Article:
A cabin, by definition, is cozy. The most restorative part of a cabin is that it is not your house. Have you read about the Scandinavian concept of “hygge”? It is a way of living and being that creates cozy-warmth, friendliness, time for conversation, time to eat good food, time to be. Deprivation is one of the things that emanates from a cabin. It’s what you don’t have that allows you to unhitch from life at the speed of 2017 and shift down, way down, to a pace that allows creativity to bloom, family connections to solidify, friendships to grow, and thoughts to wander and ramble.
The cozy cabin is partly cozy by size. Because it is small, you are forced to face those around you. The outdoors, decks, patios, yards and docks become part of the living space, allowing you to be back where you belong among trees and birds and embedded in the weather. You don’t need a weather person telling you what’s going to happen; you see, feel and smell the weather as it changes. You observe the wind change and shiver at the distant rumble of an approaching storm. The cozy cabin does not allow you to hide from the weather and its delivered creations of rain, lightning or hail.
Cozy cabins don’t have things that match. Furniture tends to have come with the cabin, been scavenged at garage sales or passed down through the generations. For example, our cabin sports a chaise lounge (basically a couch with a small armrest on one end) that is over 100 years old. It is highly handy in a cozy cabin, because it hides beneath it a frame that you pull out, then you pull down the cushion from the chaise lounge and it makes a very small but practical undersized double bed. It is on its second or third upholstery job and is still going strong. Oh, and it has a large, rolled, cylinder-shaped cushion at the armrest end that perfectly cradles your head.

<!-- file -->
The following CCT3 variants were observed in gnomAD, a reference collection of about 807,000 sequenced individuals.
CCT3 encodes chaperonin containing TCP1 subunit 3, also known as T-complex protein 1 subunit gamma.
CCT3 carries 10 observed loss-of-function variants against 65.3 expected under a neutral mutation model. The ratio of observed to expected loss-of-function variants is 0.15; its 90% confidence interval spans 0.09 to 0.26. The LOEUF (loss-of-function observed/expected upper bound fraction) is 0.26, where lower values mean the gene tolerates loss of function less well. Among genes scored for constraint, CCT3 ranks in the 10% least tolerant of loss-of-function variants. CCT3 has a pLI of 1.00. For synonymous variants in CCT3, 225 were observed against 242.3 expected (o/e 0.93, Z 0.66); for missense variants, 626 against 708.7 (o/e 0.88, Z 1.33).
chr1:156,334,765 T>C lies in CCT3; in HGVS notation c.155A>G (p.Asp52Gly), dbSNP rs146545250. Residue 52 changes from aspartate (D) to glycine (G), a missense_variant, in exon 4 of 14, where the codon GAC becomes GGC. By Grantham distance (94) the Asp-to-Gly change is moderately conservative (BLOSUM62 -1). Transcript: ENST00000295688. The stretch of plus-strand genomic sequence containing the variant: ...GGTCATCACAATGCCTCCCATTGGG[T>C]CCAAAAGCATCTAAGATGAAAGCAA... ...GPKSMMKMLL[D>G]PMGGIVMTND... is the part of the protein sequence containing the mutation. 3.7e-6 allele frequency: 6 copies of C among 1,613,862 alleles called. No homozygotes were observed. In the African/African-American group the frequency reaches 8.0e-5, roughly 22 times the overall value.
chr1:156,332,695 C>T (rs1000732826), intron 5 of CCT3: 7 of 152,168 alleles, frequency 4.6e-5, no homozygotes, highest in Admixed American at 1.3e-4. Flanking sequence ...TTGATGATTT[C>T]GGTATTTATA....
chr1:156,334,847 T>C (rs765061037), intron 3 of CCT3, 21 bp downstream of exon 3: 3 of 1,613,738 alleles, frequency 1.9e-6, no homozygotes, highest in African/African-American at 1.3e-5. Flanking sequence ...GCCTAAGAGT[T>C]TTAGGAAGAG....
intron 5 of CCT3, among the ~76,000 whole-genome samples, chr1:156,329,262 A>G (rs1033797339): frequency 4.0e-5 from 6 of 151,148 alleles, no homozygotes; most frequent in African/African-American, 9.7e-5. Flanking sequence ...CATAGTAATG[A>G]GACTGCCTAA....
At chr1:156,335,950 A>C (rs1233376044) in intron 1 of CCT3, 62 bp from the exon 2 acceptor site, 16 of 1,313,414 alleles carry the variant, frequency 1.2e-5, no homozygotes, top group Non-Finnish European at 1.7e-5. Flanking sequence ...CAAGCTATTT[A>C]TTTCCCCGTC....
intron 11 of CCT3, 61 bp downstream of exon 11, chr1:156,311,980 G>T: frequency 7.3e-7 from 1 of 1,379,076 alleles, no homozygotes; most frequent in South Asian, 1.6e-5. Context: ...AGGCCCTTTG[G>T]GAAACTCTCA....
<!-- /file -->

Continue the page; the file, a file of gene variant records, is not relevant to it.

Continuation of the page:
Cozy cabins encourage patience, politeness and waiting. These characteristics are cultivated by the fact that cozy cabins have only one bathroom. One bathroom means that if there are a lot of people visiting, proper etiquette is to check and see if anyone is more desperate then you are to use the one bathroom. I pondered this the other day and wondered if the outhouses of old also bred these sought-after personal characteristics. I live for the day when we can add an additional incinerating toilet to our bathroom options.
Cozy cabin kitchens are small. My mom always said ours was a two-butt kitchen, and I always say: It depends on the size of the butts. In any case, the kitchen has one entrance, and once you are in it, everything you need to cook with is within arm’s reach. When I described it to a friend who is a catering chef, she said, “Ah, yes, I understand why you love it. It’s like you are in the cockpit.” So accurate! It is small, efficient and improved by additions of need, such as implements hanging under the cupboards and open shelves. It’s small but mighty, as it fed over 75 people at our wedding reception.
Cozy cabins make you want to nap. This is a problem especially if the cabin needs maintenance such as painting, mowing or window washing. A word I have heard applied to our cabin is “soporific” — you will have to look it up. But that word so applies that we often tell visitors when they first arrive that they are free to nap anytime they want, and then we recommend the best places in the cozy cabin to retire to.
I hope you have a cozy cabin in your life. A stuga. It doesn’t have to be owned; in our wonderful state, you can even rent one at a state park. Or better yet, find a friend who has one and offer to cabin-sit for them. If none of these options is possible, even a small space in a home can become cozy, hygge, comfortable, intimate and safe. Find your spot, find time to occupy it, get cozy and invite a person to share it with you.
Kris Potter lives in Minneapolis.